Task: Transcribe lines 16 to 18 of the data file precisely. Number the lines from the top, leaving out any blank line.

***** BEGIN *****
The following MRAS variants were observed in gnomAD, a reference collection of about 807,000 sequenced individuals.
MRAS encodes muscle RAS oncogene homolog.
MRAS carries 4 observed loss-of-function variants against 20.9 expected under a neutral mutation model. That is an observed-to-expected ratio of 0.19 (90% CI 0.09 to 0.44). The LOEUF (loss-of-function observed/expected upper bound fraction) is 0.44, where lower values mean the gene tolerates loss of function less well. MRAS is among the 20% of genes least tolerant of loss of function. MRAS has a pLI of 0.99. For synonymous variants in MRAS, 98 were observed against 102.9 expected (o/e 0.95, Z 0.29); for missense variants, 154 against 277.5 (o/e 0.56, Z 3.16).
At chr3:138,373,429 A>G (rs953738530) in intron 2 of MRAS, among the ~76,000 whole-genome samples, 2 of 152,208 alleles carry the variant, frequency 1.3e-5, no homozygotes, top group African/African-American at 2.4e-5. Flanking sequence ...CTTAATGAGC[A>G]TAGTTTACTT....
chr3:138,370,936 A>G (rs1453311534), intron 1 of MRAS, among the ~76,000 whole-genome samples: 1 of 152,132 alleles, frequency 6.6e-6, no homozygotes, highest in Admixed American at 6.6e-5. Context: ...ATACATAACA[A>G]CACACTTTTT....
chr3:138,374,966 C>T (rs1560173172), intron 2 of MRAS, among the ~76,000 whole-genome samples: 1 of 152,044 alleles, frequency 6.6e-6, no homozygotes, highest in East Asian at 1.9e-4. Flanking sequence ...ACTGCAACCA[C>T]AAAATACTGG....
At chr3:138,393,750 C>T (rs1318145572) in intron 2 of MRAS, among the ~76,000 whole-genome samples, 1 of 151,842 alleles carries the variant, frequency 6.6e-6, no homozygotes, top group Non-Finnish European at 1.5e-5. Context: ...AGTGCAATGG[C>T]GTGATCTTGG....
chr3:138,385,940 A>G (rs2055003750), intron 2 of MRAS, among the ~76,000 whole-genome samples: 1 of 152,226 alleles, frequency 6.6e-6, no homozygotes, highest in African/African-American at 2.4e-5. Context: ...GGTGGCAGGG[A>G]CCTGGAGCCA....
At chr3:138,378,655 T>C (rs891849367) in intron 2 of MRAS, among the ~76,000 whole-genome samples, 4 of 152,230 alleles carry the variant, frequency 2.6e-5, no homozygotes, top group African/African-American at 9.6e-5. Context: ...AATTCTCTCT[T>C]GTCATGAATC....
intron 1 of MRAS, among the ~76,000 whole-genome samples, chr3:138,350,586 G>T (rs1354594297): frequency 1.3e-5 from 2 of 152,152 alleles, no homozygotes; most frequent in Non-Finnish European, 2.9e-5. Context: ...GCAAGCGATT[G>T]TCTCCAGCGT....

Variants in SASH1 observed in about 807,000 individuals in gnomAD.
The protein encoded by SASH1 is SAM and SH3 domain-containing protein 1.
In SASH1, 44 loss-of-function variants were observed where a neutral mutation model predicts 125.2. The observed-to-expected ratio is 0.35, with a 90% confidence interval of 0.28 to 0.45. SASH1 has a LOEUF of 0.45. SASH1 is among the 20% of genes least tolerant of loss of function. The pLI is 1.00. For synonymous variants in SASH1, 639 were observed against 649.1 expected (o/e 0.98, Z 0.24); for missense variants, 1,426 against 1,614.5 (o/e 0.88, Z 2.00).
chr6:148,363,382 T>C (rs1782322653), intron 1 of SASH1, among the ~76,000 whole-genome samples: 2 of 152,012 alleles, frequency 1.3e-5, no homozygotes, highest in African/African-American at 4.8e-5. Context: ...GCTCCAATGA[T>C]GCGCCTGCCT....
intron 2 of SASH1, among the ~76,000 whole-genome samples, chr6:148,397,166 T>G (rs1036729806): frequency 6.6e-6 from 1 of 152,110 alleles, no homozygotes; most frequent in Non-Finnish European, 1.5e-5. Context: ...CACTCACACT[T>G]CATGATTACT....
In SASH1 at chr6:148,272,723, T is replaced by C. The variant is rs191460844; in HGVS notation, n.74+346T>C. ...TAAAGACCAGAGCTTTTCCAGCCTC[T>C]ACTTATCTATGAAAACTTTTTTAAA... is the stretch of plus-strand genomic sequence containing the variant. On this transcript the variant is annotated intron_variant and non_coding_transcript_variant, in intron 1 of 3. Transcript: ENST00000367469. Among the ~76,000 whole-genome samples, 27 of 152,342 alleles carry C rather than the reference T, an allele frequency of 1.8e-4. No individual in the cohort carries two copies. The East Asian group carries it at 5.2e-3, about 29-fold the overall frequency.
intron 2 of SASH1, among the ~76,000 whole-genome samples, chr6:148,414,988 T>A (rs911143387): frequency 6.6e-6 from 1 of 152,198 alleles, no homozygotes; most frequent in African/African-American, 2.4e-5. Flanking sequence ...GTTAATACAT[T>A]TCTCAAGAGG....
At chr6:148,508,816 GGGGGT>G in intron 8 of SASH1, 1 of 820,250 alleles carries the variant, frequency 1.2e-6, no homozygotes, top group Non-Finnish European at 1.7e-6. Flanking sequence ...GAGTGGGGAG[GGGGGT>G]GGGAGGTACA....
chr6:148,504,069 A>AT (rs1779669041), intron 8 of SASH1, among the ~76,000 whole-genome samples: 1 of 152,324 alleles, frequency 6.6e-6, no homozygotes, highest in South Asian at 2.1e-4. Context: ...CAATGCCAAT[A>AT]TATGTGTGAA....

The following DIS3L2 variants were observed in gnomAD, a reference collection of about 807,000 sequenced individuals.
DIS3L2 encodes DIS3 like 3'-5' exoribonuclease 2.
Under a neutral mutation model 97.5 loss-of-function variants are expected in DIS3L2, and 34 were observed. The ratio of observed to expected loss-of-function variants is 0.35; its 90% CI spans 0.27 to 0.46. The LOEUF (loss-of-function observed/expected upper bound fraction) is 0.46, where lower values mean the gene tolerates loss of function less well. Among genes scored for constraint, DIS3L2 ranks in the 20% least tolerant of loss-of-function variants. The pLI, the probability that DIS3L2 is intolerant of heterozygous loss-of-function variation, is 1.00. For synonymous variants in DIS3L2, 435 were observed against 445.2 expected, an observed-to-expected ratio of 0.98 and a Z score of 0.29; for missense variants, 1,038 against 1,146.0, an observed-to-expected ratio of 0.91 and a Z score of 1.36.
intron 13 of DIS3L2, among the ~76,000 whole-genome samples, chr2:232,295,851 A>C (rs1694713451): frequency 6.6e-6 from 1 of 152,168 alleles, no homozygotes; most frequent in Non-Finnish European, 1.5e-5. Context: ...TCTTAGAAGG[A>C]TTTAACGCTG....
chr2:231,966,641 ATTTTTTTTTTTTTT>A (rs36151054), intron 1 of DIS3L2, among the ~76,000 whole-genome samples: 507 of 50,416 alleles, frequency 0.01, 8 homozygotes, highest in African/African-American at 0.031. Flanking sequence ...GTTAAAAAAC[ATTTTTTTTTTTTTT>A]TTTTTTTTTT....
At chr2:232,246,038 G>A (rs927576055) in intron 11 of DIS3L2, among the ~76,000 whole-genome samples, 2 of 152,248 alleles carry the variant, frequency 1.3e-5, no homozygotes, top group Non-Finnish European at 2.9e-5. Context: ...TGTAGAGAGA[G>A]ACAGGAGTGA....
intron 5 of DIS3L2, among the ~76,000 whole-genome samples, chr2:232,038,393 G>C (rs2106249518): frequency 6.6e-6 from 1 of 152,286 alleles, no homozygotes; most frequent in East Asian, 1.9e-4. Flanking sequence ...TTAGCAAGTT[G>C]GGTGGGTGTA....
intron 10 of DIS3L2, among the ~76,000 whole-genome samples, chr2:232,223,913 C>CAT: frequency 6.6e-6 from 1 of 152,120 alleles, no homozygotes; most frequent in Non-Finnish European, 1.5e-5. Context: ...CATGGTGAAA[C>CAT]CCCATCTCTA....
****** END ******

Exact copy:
In SASH1 at chr6:148,272,723, T is replaced by C. The variant is rs191460844; in HGVS notation, n.74+346T>C. ...TAAAGACCAGAGCTTTTCCAGCCTC[T>C]ACTTATCTATGAAAACTTTTTTAAA... is the stretch of plus-strand genomic sequence containing the variant. On this transcript the variant is annotated intron_variant and non_coding_transcript_variant, in intron 1 of 3. Transcript: ENST00000367469. Among the ~76,000 whole-genome samples, 27 of 152,342 alleles carry C rather than the reference T, an allele frequency of 1.8e-4. No individual in the cohort carries two copies. The East Asian group carries it at 5.2e-3, about 29-fold the overall frequency.
intron 2 of SASH1, among the ~76,000 whole-genome samples, chr6:148,414,988 T>A (rs911143387): frequency 6.6e-6 from 1 of 152,198 alleles, no homozygotes; most frequent in African/African-American, 2.4e-5. Flanking sequence ...GTTAATACAT[T>A]TCTCAAGAGG....
At chr6:148,508,816 GGGGGT>G in intron 8 of SASH1, 1 of 820,250 alleles carries the variant, frequency 1.2e-6, no homozygotes, top group Non-Finnish European at 1.7e-6. Flanking sequence ...GAGTGGGGAG[GGGGGT>G]GGGAGGTACA....